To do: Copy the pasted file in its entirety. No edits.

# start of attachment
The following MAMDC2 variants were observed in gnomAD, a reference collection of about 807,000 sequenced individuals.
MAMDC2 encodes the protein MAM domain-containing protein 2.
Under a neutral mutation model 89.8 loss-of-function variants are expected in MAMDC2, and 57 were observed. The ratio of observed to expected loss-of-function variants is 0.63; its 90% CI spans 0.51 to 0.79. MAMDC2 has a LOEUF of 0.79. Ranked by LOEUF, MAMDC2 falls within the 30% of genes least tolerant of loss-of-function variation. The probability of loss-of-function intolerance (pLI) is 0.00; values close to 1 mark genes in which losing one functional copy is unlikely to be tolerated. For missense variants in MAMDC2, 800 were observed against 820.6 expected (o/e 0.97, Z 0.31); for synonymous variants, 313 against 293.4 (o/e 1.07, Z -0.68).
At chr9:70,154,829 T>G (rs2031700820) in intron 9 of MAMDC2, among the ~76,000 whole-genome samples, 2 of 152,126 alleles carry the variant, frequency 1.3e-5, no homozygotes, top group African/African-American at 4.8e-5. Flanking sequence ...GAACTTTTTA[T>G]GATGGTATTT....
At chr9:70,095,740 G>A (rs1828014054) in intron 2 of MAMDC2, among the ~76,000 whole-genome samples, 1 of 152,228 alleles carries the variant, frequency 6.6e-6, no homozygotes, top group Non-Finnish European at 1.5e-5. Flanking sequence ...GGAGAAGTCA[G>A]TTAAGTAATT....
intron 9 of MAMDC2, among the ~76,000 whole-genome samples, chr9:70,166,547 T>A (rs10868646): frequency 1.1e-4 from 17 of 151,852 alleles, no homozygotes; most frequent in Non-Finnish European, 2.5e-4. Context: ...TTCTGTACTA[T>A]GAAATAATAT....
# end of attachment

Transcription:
The following MAMDC2 variants were observed in gnomAD, a reference collection of about 807,000 sequenced individuals.
MAMDC2 encodes the protein MAM domain-containing protein 2.
Under a neutral mutation model 89.8 loss-of-function variants are expected in MAMDC2, and 57 were observed. The ratio of observed to expected loss-of-function variants is 0.63; its 90% CI spans 0.51 to 0.79. MAMDC2 has a LOEUF of 0.79. Ranked by LOEUF, MAMDC2 falls within the 30% of genes least tolerant of loss-of-function variation. The probability of loss-of-function intolerance (pLI) is 0.00; values close to 1 mark genes in which losing one functional copy is unlikely to be tolerated. For missense variants in MAMDC2, 800 were observed against 820.6 expected (o/e 0.97, Z 0.31); for synonymous variants, 313 against 293.4 (o/e 1.07, Z -0.68).
At chr9:70,154,829 T>G (rs2031700820) in intron 9 of MAMDC2, among the ~76,000 whole-genome samples, 2 of 152,126 alleles carry the variant, frequency 1.3e-5, no homozygotes, top group African/African-American at 4.8e-5. Flanking sequence ...GAACTTTTTA[T>G]GATGGTATTT....
At chr9:70,095,740 G>A (rs1828014054) in intron 2 of MAMDC2, among the ~76,000 whole-genome samples, 1 of 152,228 alleles carries the variant, frequency 6.6e-6, no homozygotes, top group Non-Finnish European at 1.5e-5. Flanking sequence ...GGAGAAGTCA[G>A]TTAAGTAATT....
intron 9 of MAMDC2, among the ~76,000 whole-genome samples, chr9:70,166,547 T>A (rs10868646): frequency 1.1e-4 from 17 of 151,852 alleles, no homozygotes; most frequent in Non-Finnish European, 2.5e-4. Context: ...TTCTGTACTA[T>A]GAAATAATAT....